Recently, an attempt to appeal that decision to the court of appeals was rejected. So, for the purposes of this case, at least, and for other cases similar to it, a plaintiff is going to have to show a lot more than exposure to mold and some sort of symptoms. They’ll have to show a connection that one caused the other, rather than they both happened to occur at the same time.

Even though we were successful, our basic advice to boards that are confronted with a legal mold situation of this type is to deal with it immediately, don’t ignore it. If there is a source of water infiltration, the water should be stopped because water should not be coming into an apartment. If there is a dispute, as there was in this case, about who is responsible for paying to stop the water from coming in, the board should not hesitate to perform the work and bill the cost back to the shareholder. But it should not allow the water to come into the building and possibly cause damage and create mold, because that could lead to these kinds of lawsuits. You’re better off nipping it in the bud and fighting about the cost of abatement than you are leaving it to the kinds of damage claims that were asserted here and then hoping that you’re going to be successful defending a claim.

It is important to realize that when you’re confronted with claims for damages of this type, it is possible to defend yourself successfully. Remember: there are many misconceptions that are involved with mold. One is the idea that mold is always dangerous. Mold is all around us. Mold can be found almost anywhere and can grow on virtually any organic substance. By some estimates, molds comprise 25 percent of the earth’s biomass. Yeasts, for example, which like mold are classified in the kingdom of fungi, have long been utilized to ferment the sugars of barley to produce beer or to expand, or raise, dough. And, if you like blue cheese, you’re eating mold.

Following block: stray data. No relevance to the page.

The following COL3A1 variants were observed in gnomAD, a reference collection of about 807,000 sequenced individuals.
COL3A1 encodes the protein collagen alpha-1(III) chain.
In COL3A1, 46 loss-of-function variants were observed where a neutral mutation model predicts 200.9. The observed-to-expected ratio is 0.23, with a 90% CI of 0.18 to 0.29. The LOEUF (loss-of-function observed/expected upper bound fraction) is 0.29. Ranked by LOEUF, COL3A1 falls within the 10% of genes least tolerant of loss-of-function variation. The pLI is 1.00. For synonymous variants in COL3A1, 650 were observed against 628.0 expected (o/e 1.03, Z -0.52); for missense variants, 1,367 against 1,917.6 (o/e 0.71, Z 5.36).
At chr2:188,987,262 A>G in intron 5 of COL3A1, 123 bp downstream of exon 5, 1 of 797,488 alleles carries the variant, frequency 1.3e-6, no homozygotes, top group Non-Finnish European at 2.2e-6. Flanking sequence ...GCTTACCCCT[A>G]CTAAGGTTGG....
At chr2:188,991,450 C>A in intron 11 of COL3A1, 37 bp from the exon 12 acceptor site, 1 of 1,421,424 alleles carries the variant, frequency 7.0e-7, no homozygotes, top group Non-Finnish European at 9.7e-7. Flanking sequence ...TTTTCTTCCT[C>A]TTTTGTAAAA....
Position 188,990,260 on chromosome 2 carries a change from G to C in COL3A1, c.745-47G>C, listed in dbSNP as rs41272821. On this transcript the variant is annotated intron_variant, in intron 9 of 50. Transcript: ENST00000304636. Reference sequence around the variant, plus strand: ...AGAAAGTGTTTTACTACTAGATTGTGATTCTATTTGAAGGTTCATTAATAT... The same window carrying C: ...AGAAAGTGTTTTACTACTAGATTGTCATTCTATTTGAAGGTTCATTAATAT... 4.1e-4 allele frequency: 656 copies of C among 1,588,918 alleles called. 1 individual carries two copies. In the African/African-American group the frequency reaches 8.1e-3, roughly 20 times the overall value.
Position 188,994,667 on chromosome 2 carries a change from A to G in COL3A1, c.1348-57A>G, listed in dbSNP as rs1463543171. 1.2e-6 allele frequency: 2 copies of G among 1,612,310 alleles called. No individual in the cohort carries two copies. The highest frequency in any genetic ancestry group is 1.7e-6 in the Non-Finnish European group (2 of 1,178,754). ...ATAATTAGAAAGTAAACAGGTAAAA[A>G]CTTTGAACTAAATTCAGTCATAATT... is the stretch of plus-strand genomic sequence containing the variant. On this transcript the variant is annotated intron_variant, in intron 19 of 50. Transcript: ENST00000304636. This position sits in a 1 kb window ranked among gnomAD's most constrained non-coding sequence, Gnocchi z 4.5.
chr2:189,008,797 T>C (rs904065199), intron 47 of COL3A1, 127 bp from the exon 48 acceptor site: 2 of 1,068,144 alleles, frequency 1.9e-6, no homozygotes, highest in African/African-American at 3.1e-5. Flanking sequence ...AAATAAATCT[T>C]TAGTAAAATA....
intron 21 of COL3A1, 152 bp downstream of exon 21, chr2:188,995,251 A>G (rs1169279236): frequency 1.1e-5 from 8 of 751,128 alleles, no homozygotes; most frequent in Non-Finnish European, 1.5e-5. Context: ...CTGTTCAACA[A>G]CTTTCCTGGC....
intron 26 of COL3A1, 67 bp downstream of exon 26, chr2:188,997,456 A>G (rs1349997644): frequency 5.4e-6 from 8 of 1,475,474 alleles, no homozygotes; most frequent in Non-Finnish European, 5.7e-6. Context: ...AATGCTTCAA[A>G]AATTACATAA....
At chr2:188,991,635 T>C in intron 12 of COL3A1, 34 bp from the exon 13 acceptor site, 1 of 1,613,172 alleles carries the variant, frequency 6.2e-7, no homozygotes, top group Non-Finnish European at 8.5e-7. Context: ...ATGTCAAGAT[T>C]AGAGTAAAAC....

Another misconception is the idea of “toxic“ mold. Mold, itself, is not toxic. Rather, certain mold species are toxigenic, meaning that, under certain conditions, these molds may, but don’t always, produce certain toxic substances called mycotoxins. It does not necessarily follow from the mere presence of a toxigenic species in an apartment that mycotoxins are also present or that the occupants have actually been exposed to mycotoxins, or even if they have, that the substances are present in sufficient quantities to affect human health.

The New York City Department of Housing Preservation and Development nevertheless considers some mold conditions to be a violation of the New York City Housing Maintenance Code. Accordingly, to reiterate the point I made earlier, boards should abate mold conditions immediately and correct the source of any leak that gave rise to the mold condition. By taking prompt and effective remedial action when notified of a mold condition, boards may reduce the likelihood of facing a mold-related lawsuit.

On a final note, abatement of mold can be quite expensive. Insurance is available to pay the cost of mold remediation, but the coverage is an add-on to standard insurance policies. Boards should contact their insurance brokers to determine whether they have this coverage.